Wednesday, March 23, 2011

Mind control keeps Cubans in line

Cyber cafe in Havana, Cuba.

The 15-year verdict handed down by a Cuban "court" against U.S. citizen Alan Gross is the deeply unjust result of events that bear no relationship to due process in an impartial legal system. Let's call this cynical manoeuvre what it really is -- blackmail.

The 61-year-old Gross is not a criminal of any sort. He's a chess piece manipulated by the Cuban regime in the relentless war against its own people. The Castro brothers want to stop ordinary Cubans from obtaining the slightest bit of information from the outside world from any independent source. Punishing this envoy from a private U.S. company financed by a grant from the U.S. Agency for International Development is a convenient way to deter further efforts to circumvent Cuba's extensive system of communications surveillance.

Satellite phones are increasingly common instruments used to make calls around the world. But not in the Orwellian world run by Fidel and Raul Castro and their paranoid minions. In Cuba, a satellite phone such as the one Gross is accused of carrying for use by the island's tiny and impoverished Jewish community is deemed a dangerous weapon in an alleged "cyber war" being waged by the U.S. government to bolster a web of spies plotting to bring down the government.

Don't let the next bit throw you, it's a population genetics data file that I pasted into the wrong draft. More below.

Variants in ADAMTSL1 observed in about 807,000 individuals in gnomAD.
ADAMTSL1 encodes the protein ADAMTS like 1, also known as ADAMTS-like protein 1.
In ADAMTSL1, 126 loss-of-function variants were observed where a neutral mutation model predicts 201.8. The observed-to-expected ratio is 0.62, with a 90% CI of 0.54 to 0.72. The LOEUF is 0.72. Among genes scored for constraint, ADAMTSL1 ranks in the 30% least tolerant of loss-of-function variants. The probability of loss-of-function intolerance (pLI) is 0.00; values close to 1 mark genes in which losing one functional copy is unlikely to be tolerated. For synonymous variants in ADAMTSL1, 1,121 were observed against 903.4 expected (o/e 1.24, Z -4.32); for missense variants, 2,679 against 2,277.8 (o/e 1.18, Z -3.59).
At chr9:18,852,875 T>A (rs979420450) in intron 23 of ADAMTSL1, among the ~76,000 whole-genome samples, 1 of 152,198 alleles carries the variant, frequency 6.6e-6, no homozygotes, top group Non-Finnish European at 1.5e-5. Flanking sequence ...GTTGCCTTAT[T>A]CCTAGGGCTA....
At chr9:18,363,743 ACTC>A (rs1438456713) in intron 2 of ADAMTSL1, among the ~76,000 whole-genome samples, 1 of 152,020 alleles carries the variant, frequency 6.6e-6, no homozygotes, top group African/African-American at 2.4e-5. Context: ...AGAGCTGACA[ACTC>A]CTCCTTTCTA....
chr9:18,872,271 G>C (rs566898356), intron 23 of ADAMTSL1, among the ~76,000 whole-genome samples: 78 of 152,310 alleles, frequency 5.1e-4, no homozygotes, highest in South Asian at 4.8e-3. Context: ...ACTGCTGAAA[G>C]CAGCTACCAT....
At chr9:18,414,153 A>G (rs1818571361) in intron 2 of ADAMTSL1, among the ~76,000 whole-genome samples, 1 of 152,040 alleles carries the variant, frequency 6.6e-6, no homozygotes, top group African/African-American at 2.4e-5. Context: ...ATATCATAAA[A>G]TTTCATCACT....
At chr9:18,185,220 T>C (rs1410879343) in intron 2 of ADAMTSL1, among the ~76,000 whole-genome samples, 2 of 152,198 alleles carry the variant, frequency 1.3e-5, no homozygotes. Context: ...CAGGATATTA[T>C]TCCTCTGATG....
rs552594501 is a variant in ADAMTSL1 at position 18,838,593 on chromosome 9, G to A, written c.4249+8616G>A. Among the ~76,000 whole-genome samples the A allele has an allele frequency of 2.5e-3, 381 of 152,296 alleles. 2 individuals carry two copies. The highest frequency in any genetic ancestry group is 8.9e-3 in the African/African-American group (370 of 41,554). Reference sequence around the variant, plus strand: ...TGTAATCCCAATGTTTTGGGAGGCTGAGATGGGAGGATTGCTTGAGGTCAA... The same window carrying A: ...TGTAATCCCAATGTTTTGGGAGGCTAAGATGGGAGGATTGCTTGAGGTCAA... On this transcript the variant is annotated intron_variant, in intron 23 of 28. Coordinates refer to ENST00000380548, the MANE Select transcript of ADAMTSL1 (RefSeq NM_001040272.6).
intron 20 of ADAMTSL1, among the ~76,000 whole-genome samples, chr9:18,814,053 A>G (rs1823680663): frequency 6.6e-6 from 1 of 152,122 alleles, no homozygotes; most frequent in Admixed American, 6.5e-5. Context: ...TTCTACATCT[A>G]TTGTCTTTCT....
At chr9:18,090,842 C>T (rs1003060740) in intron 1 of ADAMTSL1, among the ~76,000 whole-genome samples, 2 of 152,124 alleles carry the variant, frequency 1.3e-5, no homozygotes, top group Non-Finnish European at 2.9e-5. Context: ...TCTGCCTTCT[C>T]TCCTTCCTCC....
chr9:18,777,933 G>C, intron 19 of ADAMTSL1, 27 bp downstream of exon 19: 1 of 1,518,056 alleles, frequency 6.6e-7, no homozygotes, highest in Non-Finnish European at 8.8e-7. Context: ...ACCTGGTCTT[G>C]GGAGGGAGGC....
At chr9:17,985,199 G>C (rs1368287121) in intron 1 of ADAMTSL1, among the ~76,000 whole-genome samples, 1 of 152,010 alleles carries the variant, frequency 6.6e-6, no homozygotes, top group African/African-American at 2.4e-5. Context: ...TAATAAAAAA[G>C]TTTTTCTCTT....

In most countries, a violation of customs regulations might result in a stiff fine and possible expulsion from the country. In Cuba, where the state controls all information outlets, violations that threaten the state's hegemony are seen as crimes that endanger the security of the state.

The real target of this mock-judicial charade is the "pro-democracy" funding from USAID designed to promote Cuba's budding civil society movement. People who can think for themselves, talk to each other and learn from each other without government intrusion represent a danger to the state's tyrannical masters, which practice various forms of mind control designed to snuff out any kind of independent action.

At a minimum, the punitive actions against Gross should throw a splash of cold water on what some call the warming in relations between Washington and Havana. He should be released unconditionally and immediately. As long as Alan Gross remains in jail, there can be no improvement in U.S.-Cuba relations.

President Obama came to office saying his administration would respond positively to an unclenched fist from previously hostile governments. We doubt the mistreatment of Alan Gross by the Cuban government is what he had in mind as an appropriate response.

From: Winnipeg Free Press

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